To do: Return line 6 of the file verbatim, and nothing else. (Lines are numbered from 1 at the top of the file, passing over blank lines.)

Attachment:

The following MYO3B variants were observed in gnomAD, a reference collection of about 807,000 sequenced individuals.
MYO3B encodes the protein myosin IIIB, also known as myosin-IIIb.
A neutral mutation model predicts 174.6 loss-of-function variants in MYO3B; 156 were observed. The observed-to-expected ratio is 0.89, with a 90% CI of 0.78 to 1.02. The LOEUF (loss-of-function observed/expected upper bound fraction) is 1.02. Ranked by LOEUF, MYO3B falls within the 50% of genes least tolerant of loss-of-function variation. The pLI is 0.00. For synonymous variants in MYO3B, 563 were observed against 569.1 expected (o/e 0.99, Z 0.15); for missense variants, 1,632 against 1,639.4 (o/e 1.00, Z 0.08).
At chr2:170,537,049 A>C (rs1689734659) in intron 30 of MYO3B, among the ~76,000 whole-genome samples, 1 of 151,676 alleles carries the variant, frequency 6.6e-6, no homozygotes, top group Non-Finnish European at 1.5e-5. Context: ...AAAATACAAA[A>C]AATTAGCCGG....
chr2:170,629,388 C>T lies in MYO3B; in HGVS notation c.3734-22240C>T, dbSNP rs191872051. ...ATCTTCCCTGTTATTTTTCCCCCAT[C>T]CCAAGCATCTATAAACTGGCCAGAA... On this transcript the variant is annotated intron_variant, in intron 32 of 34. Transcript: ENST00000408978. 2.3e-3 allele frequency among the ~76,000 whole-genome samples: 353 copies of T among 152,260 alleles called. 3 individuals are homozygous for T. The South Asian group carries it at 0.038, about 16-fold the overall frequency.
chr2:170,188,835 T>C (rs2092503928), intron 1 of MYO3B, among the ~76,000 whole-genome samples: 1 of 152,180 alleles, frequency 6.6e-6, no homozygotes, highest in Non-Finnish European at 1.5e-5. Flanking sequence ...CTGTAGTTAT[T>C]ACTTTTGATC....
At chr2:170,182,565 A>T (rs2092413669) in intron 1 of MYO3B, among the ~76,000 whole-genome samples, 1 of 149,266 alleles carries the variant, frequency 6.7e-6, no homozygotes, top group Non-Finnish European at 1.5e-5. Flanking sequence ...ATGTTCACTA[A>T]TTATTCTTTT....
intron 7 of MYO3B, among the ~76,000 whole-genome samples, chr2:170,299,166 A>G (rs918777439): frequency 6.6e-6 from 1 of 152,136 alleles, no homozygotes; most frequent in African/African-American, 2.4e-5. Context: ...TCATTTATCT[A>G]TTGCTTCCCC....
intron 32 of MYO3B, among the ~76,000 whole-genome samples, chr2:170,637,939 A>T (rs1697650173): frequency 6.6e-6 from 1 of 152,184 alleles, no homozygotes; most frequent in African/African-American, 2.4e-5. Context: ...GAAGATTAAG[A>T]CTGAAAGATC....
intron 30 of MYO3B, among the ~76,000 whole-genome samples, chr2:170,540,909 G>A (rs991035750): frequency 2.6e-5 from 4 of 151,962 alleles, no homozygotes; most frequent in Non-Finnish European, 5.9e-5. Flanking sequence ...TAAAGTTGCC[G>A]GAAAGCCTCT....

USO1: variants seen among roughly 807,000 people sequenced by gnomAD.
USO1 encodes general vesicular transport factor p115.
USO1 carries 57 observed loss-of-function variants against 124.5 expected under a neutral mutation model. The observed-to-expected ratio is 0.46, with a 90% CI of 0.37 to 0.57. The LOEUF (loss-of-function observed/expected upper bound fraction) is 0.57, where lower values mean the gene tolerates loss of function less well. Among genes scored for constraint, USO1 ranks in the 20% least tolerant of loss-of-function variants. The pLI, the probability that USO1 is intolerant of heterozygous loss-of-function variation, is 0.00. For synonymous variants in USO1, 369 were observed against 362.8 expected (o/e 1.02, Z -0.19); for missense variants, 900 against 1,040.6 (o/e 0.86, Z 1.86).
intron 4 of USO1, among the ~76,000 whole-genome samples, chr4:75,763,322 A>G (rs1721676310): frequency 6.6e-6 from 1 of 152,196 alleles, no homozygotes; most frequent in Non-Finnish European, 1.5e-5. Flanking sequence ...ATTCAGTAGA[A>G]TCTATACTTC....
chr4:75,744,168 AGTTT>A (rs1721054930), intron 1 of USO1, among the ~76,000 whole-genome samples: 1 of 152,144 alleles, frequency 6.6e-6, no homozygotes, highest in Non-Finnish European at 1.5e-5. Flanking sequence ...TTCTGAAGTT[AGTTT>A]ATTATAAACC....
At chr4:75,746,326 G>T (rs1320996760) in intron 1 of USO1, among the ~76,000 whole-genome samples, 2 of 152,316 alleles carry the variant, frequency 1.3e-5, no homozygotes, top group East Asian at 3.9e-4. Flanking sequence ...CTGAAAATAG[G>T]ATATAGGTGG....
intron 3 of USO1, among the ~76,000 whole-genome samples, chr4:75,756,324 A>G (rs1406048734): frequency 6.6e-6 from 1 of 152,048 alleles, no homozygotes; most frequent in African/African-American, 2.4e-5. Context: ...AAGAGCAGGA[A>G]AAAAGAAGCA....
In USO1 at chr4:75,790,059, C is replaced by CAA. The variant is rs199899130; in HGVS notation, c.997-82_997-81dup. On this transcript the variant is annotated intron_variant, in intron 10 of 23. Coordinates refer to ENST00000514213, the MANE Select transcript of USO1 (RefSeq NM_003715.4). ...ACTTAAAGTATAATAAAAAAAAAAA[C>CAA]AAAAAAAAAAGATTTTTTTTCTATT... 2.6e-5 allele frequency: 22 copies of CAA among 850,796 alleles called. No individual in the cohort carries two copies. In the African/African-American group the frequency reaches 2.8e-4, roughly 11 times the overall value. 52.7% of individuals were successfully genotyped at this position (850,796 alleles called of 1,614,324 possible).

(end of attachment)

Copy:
chr2:170,188,835 T>C (rs2092503928), intron 1 of MYO3B, among the ~76,000 whole-genome samples: 1 of 152,180 alleles, frequency 6.6e-6, no homozygotes, highest in Non-Finnish European at 1.5e-5. Flanking sequence ...CTGTAGTTAT[T>C]ACTTTTGATC....